How to transfer your child’s art into gifts using your Cricut Maker. This is an easy demo of how to turn a drawing into a mousepad.
Every year my sons’ public school has a fundraiser where you can purchase your child’s art on different products. It’s a neat way to support the school and the boys’ grandparents love getting custom products. This year, thanks to COVID (boooo pandemic), this fundraiser never happened. At Christmas, I decided to try using Infusible Ink pens to transfer the boys’ artwork onto mousepads for their grandparents. It was a fun project to do together and not terribly time-intensive. Here’s how to make your own!
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Tips for Using Infusible Ink Pens to Transfer Art
Infusible Ink is Cricut’s version of sublimation. Infusible ink works inclusively on polyester products, and the more polyester the product has, the better the ink will transfer. Think of infusible ink as dyeing your fabric with a design. You can read more about how infusible ink works here.
You’ll exclusively be working with a plain white product or “blank.” Whatever product you use needs to be mostly polyester fabric and I can usually find compatible blanks if I search for “sublimation blanks” on Amazon. I’m working with these sublimation mouse pads for this project. Cricut has their own infusible ink blanks which are the only products they guarantee their ink on, but I’d have good luck with other brands.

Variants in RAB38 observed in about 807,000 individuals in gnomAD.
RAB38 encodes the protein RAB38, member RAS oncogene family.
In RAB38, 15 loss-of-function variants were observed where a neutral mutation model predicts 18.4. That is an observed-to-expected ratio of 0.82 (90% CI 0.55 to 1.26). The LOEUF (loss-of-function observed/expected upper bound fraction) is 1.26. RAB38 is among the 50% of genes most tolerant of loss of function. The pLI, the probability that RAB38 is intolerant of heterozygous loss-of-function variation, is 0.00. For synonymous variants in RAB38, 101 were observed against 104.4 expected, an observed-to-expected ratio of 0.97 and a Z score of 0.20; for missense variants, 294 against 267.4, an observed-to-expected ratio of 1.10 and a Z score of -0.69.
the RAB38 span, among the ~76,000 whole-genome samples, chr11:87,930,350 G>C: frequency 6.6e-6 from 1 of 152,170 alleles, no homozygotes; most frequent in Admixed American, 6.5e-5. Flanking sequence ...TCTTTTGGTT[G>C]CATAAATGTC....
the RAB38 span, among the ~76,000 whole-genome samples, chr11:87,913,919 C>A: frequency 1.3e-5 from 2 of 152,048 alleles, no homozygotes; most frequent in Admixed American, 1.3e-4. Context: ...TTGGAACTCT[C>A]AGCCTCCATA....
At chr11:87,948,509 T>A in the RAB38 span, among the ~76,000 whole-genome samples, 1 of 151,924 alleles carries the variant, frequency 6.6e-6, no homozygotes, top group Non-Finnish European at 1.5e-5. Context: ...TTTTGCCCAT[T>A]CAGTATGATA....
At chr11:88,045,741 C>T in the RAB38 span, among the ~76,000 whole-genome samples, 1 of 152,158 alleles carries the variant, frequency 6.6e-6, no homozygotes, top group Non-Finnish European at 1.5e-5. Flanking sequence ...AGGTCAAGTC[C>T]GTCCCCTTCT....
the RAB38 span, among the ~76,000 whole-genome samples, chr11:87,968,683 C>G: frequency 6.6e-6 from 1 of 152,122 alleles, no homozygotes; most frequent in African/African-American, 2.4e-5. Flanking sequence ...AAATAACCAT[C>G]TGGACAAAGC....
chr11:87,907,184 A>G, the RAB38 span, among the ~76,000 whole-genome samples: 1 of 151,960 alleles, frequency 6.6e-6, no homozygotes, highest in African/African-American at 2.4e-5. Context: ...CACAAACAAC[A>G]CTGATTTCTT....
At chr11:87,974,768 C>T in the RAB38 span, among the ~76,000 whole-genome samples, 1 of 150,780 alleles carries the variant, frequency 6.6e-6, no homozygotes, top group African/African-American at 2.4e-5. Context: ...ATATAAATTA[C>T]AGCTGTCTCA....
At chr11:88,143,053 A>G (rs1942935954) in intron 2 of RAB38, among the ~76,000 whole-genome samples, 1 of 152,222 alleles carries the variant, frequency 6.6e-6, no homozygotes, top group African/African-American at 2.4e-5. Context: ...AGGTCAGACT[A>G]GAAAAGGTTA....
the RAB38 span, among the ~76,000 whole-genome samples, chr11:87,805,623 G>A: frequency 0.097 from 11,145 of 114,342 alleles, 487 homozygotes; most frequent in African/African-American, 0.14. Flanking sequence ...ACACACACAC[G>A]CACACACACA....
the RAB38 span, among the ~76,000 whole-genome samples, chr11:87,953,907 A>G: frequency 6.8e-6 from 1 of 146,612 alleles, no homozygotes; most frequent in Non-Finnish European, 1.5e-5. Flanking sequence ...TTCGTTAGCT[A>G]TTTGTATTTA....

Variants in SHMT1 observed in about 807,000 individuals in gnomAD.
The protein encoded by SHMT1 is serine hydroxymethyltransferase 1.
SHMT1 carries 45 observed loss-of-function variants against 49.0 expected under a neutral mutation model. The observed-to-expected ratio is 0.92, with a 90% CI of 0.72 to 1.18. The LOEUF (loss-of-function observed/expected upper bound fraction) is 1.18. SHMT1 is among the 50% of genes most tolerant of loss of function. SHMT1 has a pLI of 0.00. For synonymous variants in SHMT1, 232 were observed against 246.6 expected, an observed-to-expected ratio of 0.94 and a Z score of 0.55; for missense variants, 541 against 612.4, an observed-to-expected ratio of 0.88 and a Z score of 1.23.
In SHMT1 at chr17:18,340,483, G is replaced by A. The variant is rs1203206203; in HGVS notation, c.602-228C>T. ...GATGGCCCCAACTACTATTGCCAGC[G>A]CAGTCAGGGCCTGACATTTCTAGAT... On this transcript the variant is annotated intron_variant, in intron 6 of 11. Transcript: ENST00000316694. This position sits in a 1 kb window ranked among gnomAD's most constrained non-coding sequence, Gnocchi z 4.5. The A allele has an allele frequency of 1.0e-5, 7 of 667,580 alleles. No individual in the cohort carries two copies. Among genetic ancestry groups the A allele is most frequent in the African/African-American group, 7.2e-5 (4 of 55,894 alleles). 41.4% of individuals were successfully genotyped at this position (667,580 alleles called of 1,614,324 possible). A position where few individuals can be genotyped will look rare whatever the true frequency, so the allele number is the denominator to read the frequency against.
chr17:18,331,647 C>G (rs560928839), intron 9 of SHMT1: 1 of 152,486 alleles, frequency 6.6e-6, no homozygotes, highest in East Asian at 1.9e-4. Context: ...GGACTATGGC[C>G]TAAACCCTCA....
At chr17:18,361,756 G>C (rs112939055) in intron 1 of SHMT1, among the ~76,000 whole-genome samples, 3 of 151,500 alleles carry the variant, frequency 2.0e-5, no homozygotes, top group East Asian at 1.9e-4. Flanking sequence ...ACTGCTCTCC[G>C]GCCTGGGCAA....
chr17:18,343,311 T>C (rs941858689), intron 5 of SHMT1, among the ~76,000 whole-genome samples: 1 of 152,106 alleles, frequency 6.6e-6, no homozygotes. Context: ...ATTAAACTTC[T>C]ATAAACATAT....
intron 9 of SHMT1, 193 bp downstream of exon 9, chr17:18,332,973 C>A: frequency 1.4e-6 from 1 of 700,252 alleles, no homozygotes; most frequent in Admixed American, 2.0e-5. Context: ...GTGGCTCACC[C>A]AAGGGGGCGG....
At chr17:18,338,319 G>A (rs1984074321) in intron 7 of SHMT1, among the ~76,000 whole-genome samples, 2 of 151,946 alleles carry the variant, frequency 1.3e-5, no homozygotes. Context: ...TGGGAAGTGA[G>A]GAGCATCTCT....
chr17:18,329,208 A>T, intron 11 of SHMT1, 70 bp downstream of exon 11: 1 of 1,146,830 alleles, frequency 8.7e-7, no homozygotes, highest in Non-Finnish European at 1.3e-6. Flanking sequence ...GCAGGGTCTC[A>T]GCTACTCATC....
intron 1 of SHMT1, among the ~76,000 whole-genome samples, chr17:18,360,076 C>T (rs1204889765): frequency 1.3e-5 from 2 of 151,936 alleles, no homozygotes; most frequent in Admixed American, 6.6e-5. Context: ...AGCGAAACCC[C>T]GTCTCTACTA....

Here are my top tips:
- Thicken lines by hand tracing the lettering with your pens. Whatever ink is on your sublimation paper will transfer to your product. More ink = a stronger transfer/final image.
- Adjust the temperature of your heat press based on the product recommendations. Cricut has a handy heat guide, but most sublimation blanks will tell you what temperature to use. You also need to adjust your press time based on the recommended settings.
- Similar to iron on vinyl, the infusible ink needs to be mirrored. If you’re hand drawing the design, that means your words (or image) will need to be mirrored (aka flipped). You can draw the image on regular paper with regular pens, then trace it onto the sublimation paper with infusible ink pens so it’s flipped/mirrored. Or, if you’re really good at this, you can write any letters backwards.
- Make sure the blank doesn’t have any fuzz or other debris on it. Use a lint roller to remove anything before pressing an image on.
- The color you see when you draw with the Cricut pens on your sublimation paper is NOT the same color you’ll see once pressed on your final product. It tends to be a muted version of the final color.
- Preheat your blank before placing your design face down on it.
- You can use heat resistant tape to hold the paper down to keep it from shifting during the pressing process.
- You DO NOT need a Cricut to make this if you draw it all by hand!
We found that drawing the whole piece of art twice was a bit much for the kids so they drew the design with the Infusible Ink pens directly on the sublimation paper, but the WORDS were traced so they were backwards from a regular piece of paper underneath. This solved the mirroring issue.
How to Transfer Children’s Art Using the Cricut
Here’s a video of the process.
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